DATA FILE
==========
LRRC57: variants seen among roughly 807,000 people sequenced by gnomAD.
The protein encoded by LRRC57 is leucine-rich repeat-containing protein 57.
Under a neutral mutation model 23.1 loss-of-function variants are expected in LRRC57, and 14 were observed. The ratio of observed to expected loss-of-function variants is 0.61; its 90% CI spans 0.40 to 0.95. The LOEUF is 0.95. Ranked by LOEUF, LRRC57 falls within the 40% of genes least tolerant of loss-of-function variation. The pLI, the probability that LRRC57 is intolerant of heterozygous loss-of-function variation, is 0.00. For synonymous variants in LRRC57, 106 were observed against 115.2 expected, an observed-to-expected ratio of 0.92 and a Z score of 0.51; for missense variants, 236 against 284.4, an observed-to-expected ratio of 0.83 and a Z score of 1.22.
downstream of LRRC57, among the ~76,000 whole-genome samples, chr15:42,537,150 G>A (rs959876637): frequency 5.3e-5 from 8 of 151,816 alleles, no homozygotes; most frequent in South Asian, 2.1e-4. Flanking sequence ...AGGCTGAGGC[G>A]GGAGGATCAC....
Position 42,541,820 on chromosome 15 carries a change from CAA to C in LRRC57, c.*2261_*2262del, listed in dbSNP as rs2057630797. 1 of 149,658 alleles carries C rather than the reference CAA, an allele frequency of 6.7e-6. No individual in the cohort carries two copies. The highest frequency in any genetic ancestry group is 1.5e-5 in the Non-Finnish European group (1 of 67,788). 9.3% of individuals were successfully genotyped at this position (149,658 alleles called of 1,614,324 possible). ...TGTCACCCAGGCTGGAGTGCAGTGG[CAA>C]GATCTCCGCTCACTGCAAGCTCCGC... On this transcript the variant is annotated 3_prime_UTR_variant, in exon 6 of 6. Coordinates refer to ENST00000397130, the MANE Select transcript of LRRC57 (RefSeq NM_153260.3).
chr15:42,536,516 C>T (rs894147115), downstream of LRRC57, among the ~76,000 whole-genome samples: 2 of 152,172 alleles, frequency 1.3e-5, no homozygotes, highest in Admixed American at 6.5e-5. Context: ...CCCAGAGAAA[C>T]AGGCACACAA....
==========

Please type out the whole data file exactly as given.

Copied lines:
LRRC57: variants seen among roughly 807,000 people sequenced by gnomAD.
The protein encoded by LRRC57 is leucine-rich repeat-containing protein 57.
Under a neutral mutation model 23.1 loss-of-function variants are expected in LRRC57, and 14 were observed. The ratio of observed to expected loss-of-function variants is 0.61; its 90% CI spans 0.40 to 0.95. The LOEUF is 0.95. Ranked by LOEUF, LRRC57 falls within the 40% of genes least tolerant of loss-of-function variation. The pLI, the probability that LRRC57 is intolerant of heterozygous loss-of-function variation, is 0.00. For synonymous variants in LRRC57, 106 were observed against 115.2 expected, an observed-to-expected ratio of 0.92 and a Z score of 0.51; for missense variants, 236 against 284.4, an observed-to-expected ratio of 0.83 and a Z score of 1.22.
downstream of LRRC57, among the ~76,000 whole-genome samples, chr15:42,537,150 G>A (rs959876637): frequency 5.3e-5 from 8 of 151,816 alleles, no homozygotes; most frequent in South Asian, 2.1e-4. Flanking sequence ...AGGCTGAGGC[G>A]GGAGGATCAC....
Position 42,541,820 on chromosome 15 carries a change from CAA to C in LRRC57, c.*2261_*2262del, listed in dbSNP as rs2057630797. 1 of 149,658 alleles carries C rather than the reference CAA, an allele frequency of 6.7e-6. No individual in the cohort carries two copies. The highest frequency in any genetic ancestry group is 1.5e-5 in the Non-Finnish European group (1 of 67,788). 9.3% of individuals were successfully genotyped at this position (149,658 alleles called of 1,614,324 possible). ...TGTCACCCAGGCTGGAGTGCAGTGG[CAA>C]GATCTCCGCTCACTGCAAGCTCCGC... On this transcript the variant is annotated 3_prime_UTR_variant, in exon 6 of 6. Coordinates refer to ENST00000397130, the MANE Select transcript of LRRC57 (RefSeq NM_153260.3).
chr15:42,536,516 C>T (rs894147115), downstream of LRRC57, among the ~76,000 whole-genome samples: 2 of 152,172 alleles, frequency 1.3e-5, no homozygotes, highest in Admixed American at 6.5e-5. Context: ...CCCAGAGAAA[C>T]AGGCACACAA....